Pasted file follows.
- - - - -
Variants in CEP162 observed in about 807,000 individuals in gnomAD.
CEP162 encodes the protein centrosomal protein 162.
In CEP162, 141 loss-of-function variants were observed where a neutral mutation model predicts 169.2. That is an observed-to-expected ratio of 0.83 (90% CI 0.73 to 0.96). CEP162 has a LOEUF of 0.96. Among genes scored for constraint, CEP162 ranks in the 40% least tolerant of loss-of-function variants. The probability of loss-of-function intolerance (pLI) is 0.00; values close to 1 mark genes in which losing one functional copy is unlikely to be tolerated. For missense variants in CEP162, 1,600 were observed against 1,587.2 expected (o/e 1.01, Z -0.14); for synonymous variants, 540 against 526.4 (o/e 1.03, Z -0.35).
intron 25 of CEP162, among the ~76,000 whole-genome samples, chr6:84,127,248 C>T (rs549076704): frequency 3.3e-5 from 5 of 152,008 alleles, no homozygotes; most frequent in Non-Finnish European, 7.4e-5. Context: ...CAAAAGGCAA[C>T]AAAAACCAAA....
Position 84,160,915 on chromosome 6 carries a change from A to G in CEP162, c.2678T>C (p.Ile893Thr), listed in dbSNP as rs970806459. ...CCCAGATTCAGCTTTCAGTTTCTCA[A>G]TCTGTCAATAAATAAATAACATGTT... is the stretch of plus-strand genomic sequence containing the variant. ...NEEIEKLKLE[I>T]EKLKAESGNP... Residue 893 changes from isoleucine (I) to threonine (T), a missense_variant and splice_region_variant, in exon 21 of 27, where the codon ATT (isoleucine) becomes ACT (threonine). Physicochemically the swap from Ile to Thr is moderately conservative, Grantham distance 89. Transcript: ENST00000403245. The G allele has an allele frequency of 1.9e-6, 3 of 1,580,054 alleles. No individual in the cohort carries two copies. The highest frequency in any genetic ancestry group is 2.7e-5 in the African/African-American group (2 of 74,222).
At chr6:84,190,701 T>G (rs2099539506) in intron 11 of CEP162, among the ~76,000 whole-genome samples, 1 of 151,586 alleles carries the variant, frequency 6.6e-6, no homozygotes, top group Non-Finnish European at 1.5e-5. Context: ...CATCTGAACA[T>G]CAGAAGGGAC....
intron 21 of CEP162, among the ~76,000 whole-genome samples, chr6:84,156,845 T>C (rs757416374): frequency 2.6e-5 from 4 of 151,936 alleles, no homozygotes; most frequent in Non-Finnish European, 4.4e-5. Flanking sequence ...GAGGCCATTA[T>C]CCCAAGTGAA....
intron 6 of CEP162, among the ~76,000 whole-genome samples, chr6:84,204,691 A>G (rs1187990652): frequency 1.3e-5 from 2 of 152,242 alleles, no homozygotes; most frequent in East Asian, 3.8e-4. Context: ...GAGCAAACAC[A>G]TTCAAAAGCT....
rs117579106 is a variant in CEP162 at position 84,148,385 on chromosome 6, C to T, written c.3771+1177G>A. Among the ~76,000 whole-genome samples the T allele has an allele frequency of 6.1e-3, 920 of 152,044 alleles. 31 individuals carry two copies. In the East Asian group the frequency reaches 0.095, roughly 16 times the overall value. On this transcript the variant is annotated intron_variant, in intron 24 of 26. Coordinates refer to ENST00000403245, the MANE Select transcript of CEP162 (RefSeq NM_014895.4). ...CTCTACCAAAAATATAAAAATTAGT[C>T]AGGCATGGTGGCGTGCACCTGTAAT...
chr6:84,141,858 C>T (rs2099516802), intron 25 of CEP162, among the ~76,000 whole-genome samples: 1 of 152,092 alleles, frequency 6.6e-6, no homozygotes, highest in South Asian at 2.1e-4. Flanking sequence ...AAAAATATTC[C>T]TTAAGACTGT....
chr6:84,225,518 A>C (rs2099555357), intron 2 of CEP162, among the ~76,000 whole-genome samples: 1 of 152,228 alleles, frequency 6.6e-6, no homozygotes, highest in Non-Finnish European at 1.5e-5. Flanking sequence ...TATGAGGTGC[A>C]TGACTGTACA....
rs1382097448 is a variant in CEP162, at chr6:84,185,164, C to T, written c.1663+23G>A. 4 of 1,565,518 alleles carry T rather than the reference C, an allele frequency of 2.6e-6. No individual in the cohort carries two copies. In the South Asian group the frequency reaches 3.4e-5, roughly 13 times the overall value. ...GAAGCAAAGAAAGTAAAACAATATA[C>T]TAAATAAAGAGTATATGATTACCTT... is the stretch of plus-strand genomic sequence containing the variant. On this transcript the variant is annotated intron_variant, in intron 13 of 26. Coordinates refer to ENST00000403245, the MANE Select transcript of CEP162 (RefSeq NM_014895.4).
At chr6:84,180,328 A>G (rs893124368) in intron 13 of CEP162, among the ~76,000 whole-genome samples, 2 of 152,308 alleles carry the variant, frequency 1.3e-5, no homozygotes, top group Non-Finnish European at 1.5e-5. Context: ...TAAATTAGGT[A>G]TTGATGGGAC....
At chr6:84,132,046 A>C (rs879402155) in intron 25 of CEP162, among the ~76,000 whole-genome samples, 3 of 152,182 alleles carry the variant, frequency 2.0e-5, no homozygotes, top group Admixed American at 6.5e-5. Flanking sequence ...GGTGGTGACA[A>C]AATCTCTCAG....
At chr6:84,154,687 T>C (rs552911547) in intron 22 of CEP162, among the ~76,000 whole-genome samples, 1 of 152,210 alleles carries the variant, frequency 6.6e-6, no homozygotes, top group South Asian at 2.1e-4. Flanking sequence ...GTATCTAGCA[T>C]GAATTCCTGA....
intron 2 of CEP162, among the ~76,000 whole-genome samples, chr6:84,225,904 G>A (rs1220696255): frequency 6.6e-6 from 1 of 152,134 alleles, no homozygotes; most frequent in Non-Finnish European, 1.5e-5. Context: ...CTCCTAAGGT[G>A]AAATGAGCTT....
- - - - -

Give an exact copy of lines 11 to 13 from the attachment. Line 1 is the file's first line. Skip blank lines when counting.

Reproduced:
chr6:84,225,518 A>C (rs2099555357), intron 2 of CEP162, among the ~76,000 whole-genome samples: 1 of 152,228 alleles, frequency 6.6e-6, no homozygotes, highest in Non-Finnish European at 1.5e-5. Flanking sequence ...TATGAGGTGC[A>C]TGACTGTACA....
rs1382097448 is a variant in CEP162, at chr6:84,185,164, C to T, written c.1663+23G>A. 4 of 1,565,518 alleles carry T rather than the reference C, an allele frequency of 2.6e-6. No individual in the cohort carries two copies. In the South Asian group the frequency reaches 3.4e-5, roughly 13 times the overall value. ...GAAGCAAAGAAAGTAAAACAATATA[C>T]TAAATAAAGAGTATATGATTACCTT... is the stretch of plus-strand genomic sequence containing the variant. On this transcript the variant is annotated intron_variant, in intron 13 of 26. Coordinates refer to ENST00000403245, the MANE Select transcript of CEP162 (RefSeq NM_014895.4).
At chr6:84,180,328 A>G (rs893124368) in intron 13 of CEP162, among the ~76,000 whole-genome samples, 2 of 152,308 alleles carry the variant, frequency 1.3e-5, no homozygotes, top group Non-Finnish European at 1.5e-5. Context: ...TAAATTAGGT[A>G]TTGATGGGAC....